Too Dark to See
In the day, the viewing area looks like this. But a year ago, I stood near the open window on a pitch black night, surrounded by murmuring voices. The deck was swarming with curious visitors, all straining their eyes out towards the horizon, hoping to catch a glimpse of the famous "Marfa Lights".
Mysterious Marfa Lights
If you come in the daylight, you can read this sign.
What Can You See?
Late on a Saturday night in April, my husband and I decided to head from our hotel in Marfa, TX to Mitchel Flat, 9 miles away. People have gathered in this open field for years in hopes of spotting the mysterious phenomena called The Marfa Lights.
It's hard to know how many people stood out on that dark deck. My eyes never really adjusted to see more than dark shapes, milling about...and a glow now and then of cell phones. My ears worked much better...hearing the constant flow of cars and motorcycles entering and leaving the parking lot...and the voices. I kept my eyes glued to the horizon and listened. A giddy group who had probably had a few beers...some parents explaining to children where to look...a few hopeful gasps and some disappointed responses. And so many questions swirling in the night air. "What's that lumpy thing?" "Are those the lights, or just a car?" "Can we go now?" "Where are you?" The sky wasn't producing any excitement, but the dialogue was entertaining.
My eyes could barely see a thing, but I heard a serious voice answering questions. I could see the shape of a man seated in a folding chair. There seemed to be a tripod beside him, which was quietly clicking at regular intervals. I strained to hear over the now annoying chatter, because I could tell this man knew something about these Marfa Lights.
As it turns out, the figure seated nearby was James Burnell, a scientist and author of a number of books about the lights. He sat quietly in his chair, while the crowd of impatient spectators thinned. And before long he was the only one left on the deck besides my husband and myself.
It was an odd thing to converse without seeing a face. It's amazing how you listen to the clues of a voice. His voice was calm and steady. He seemed neither annoyed by our questions or enthused. Then, he answered our most important question. "So, have you seen any tonight?" "Not tonight." He answered, while his camera clicked away...just in case. He spoke like a scientist, explaining how these mysterious orbs of light were first witnessed by the Native Americans, believing they were fallen stars. He told us a bit about the studies he had done using automated monitoring stations...and yet there really is no explanation for some of the sightings.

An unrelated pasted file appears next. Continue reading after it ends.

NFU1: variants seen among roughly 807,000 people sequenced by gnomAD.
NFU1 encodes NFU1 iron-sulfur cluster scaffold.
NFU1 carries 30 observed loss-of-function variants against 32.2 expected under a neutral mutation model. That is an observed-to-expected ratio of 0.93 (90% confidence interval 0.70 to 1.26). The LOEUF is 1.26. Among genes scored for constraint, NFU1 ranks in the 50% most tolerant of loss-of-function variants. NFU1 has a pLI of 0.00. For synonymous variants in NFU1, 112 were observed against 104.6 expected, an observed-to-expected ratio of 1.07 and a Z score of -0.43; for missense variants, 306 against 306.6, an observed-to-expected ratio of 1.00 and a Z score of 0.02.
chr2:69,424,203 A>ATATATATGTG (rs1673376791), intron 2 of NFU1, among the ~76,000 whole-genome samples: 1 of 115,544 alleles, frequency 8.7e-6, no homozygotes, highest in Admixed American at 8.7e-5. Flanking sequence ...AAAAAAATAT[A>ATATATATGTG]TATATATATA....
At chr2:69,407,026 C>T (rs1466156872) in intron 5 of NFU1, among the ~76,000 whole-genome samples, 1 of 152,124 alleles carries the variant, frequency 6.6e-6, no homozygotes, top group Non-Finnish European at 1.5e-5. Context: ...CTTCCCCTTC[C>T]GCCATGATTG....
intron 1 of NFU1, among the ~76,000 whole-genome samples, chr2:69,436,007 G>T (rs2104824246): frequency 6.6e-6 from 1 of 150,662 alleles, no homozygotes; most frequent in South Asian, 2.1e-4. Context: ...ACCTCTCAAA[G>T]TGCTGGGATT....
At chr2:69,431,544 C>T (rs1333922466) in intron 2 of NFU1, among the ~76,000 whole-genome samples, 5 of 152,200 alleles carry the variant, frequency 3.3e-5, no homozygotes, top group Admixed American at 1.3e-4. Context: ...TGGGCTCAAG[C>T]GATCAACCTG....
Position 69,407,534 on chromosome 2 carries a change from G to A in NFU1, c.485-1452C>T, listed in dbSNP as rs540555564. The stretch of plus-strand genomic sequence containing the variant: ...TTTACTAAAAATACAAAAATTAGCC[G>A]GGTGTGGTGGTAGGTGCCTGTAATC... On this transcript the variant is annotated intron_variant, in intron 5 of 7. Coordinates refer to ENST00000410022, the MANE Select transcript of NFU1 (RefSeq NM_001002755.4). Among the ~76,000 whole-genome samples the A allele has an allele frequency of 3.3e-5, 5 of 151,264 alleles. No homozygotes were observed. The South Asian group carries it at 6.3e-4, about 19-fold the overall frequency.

Then Mr. Bunnell stopped sounding like a scientist and he talked about growing up in Marfa and how his grandfather would take him out to this spot (which was only a field) in hopes of spotting the lights. He mentioned that he now lives in Dallas, but occasionally makes the 9 hour drive to spend a weekend studying the sky. "This doesn't seem to be one of the lucky nights." He said without disappointment.
Thanks to the Expert on Marfa Lights!
I won't remember your face, but I'll always remember your patience and passion. It's hard to be patient about something you're passionate about. You show that it's possible.
To celebrate my birthday in April 2012, I decided to reflect on the past with a different kind of list. I've met a lot of people in my 55 years, but I'm going to stop and remind myself about the strangers I've met. These are people I met by accident, not through friends or work. For some reason, these strangers dropped into my life. Even though we may have only spent a few minutes together, these people have never been forgotten.
Each week, I'll spotlight someone I met in the past, who in some small way, made me stop and think.
Remember 55 Strangers